Learning how to winterize a garden, whether you're growing veggies, flowers, or fruits, will protect your plants between seasons.
This is an essential end-of-season task each fall, so you can pick up right back where you started as spring rolls around.
If you do this right, you're setting yourself up for a more successful following season than had you just let your plants fend for themselves when the cold starts coming.
When you’re learning how to winterize your garden, preparation and good planning are key.
It may help to have a checklist of “to-do’s” on hand so that you don’t find yourself falling behind as the snow begins to fly.
Whether you’re interested in learning how to winterize a vegetable garden or you’d like to learn more about winterizing raised garden beds, this article will tell you everything you need to know.
How Do I Prepare My Garden For Winter?
There are a few ways you can prepare your garden for winter. If you have the space to do it, you may want to consider just bringing your most sensitive plants indoors.
Bringing Plants Indoors For The Winter
Obviously, this isn't an option for your plants that grow directly in the ground, or in a raised garden bed.
But if you're growing in containers, and your plants are easily moveable, taking them into your garage or even a spare bedroom is a great way to keep growing your plants inside.
These have everything you need to start cultivating your plants indoors, while containing the mess of your plants protecting your home. Including a grow tent, grow lighting system, ventilation system, and more, you won't miss a beat due to the changing of seasons.
We have options for those who want to grow in a closet, and options for those who want to fill their garage with a huge tent. No matter what type of gardener you are, we can get you setup with an indoor growing package that fits your needs.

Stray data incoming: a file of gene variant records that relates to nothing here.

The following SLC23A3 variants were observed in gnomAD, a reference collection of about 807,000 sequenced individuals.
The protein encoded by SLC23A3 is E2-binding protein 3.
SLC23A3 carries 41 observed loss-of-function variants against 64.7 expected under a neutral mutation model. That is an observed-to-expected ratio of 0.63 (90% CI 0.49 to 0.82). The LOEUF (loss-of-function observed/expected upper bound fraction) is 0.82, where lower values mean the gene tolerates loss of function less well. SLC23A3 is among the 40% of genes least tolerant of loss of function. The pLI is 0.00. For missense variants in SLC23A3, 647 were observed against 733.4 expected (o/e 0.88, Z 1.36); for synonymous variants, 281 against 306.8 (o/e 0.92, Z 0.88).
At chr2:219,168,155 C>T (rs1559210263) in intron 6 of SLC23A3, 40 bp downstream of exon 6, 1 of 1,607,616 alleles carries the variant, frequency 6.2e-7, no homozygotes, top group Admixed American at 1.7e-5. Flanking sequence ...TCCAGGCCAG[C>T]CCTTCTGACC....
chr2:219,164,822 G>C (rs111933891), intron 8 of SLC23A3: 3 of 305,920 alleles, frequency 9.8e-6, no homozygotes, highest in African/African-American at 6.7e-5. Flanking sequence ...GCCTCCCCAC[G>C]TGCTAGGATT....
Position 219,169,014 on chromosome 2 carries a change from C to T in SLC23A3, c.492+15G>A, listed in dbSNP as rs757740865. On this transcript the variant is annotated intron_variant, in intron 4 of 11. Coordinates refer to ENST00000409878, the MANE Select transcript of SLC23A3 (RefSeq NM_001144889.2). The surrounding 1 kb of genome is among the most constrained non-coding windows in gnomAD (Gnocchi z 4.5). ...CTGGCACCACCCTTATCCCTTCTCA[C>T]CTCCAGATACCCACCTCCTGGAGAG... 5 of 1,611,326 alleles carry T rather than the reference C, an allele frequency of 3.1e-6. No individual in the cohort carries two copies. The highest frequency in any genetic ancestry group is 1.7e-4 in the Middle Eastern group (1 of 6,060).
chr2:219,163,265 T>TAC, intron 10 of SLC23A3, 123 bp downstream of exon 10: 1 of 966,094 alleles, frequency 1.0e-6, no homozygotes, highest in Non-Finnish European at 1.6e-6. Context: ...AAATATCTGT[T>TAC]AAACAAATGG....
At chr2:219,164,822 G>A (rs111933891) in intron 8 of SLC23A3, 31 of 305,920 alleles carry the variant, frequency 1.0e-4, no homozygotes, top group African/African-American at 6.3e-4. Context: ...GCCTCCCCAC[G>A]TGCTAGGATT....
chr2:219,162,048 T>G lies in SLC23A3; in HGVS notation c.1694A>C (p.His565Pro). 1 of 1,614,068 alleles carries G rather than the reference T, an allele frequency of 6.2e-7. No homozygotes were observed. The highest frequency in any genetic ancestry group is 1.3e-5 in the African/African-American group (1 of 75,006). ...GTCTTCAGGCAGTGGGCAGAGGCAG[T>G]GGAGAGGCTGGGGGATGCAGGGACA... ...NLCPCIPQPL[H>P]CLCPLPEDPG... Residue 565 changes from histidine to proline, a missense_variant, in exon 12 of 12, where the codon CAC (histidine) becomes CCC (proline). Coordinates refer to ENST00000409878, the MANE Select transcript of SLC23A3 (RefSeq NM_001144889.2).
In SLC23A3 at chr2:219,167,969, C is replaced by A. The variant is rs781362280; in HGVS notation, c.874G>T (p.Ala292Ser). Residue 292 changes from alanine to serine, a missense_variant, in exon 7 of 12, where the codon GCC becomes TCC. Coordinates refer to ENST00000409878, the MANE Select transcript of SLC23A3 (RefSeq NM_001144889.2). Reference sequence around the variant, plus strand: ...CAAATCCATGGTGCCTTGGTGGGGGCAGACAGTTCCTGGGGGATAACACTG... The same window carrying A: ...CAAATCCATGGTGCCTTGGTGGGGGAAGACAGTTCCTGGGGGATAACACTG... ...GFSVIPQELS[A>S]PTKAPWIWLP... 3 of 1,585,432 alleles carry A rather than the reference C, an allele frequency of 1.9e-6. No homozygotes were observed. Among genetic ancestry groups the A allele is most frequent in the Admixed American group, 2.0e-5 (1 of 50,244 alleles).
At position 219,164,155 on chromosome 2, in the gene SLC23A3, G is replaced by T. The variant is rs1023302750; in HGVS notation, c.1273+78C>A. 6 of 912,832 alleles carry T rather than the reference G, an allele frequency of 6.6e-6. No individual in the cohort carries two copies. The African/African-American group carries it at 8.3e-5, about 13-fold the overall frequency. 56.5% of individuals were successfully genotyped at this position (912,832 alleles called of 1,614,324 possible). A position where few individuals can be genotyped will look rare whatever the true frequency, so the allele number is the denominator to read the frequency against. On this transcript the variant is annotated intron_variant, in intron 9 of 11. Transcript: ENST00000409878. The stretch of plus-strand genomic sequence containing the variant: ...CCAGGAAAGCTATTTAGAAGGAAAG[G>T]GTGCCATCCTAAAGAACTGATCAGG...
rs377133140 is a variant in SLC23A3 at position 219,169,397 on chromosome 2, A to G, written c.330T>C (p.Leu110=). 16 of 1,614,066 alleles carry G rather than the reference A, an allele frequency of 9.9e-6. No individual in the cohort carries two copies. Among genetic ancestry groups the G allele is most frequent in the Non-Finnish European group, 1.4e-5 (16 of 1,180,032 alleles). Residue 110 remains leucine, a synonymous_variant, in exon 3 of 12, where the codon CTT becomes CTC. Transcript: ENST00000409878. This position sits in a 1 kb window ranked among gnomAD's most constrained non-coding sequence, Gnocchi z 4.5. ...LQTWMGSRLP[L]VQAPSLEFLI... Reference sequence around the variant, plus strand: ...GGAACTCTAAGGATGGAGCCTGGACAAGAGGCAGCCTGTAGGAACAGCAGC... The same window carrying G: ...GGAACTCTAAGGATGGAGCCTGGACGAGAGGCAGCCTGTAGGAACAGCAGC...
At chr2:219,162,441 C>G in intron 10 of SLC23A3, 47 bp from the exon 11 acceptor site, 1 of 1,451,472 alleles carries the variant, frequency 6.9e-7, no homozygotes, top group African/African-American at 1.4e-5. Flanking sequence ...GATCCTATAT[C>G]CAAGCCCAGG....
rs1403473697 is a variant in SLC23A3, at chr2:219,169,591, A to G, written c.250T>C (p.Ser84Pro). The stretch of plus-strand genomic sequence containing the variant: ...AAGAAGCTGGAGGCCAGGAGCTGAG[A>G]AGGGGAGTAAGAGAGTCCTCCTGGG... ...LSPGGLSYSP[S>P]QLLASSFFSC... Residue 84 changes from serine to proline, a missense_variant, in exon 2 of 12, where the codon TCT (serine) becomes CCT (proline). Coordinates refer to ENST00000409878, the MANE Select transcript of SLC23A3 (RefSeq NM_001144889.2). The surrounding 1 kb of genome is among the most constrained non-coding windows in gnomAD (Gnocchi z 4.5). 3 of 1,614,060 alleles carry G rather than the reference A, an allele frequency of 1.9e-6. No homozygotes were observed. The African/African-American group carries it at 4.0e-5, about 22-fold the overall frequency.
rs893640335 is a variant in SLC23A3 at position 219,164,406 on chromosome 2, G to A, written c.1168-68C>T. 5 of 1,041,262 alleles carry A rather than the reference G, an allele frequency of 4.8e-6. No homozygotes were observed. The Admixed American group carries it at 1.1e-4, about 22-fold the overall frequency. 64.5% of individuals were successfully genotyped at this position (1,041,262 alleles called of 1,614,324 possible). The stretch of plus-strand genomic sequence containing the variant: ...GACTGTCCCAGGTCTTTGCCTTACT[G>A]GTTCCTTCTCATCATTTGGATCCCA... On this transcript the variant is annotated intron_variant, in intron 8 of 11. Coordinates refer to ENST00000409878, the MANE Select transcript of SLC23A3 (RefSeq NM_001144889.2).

If you're looking for specific recommendations, our review of the top tent packages is a great resource.
What Does It Mean To Winterize Your Garden?
Winterizing the garden is a method of proactively protecting and caring for the garden so that winter’s harsh temperatures and weather conditions don’t completely decimate your landscape.
It might refer to bringing plants indoors for the winter like we just mentioned, or it might be as simple as removing garden weeds, laying down a thick layer of mulch so that your plants are always protected from fluctuating temperatures, etc.
A gardener’s work is never done - and while winterizing your garden might sound like a hefty task, it can be quite simple to carry out as long as you have a clear idea of what needs to be done.
Winterizing the garden also refers to the tasks you need to do so your garden can be healthy next spring.
This might include things like making general repairs to your gardening tools and storing them to clean out your gardening shed. Make sure you add these items to your winterizing checklist, too!
Do You Need To Winterize Your Garden?
It depends on what your goals might be. In most cases, vegetable gardens don’t need any winterization besides a quick clean-up.
You might just pop a cold frame over plants you wish to continue growing during the winter, like radishes or lettuce.
For perennial beds, it gets a bit murkier. Certain plants, like shrubs and roses, require winterization and winter protection in order to get through the colder months - in that case, following the steps for winterizing the garden as described below will be essential.
Of course, if you live in an area that does not experience a harsh winter - one that includes heavy snowfall, hard freezes, and frosts - you might not need to winterize the garden at all.
For example, those who live on the west coast, particular areas like California, Arizona, Nevada, don't necessarily need to do a whole lot to prepare for winter. However, if you're in the midwest where below freezing temperatures are routine, yes, you'll need to winterize your plants!
When Should I Winterize My Garden?
The most ideal time to start winterizing the garden is either right before or just after the first hard freeze in the fall.
A hard freeze is defined as the time in which the temperature falls below freezing overnight and stays there for several hours, killing off tender plants.
The reason why it might be either just before or just after is that it depends on what kind of garden you are winterizing.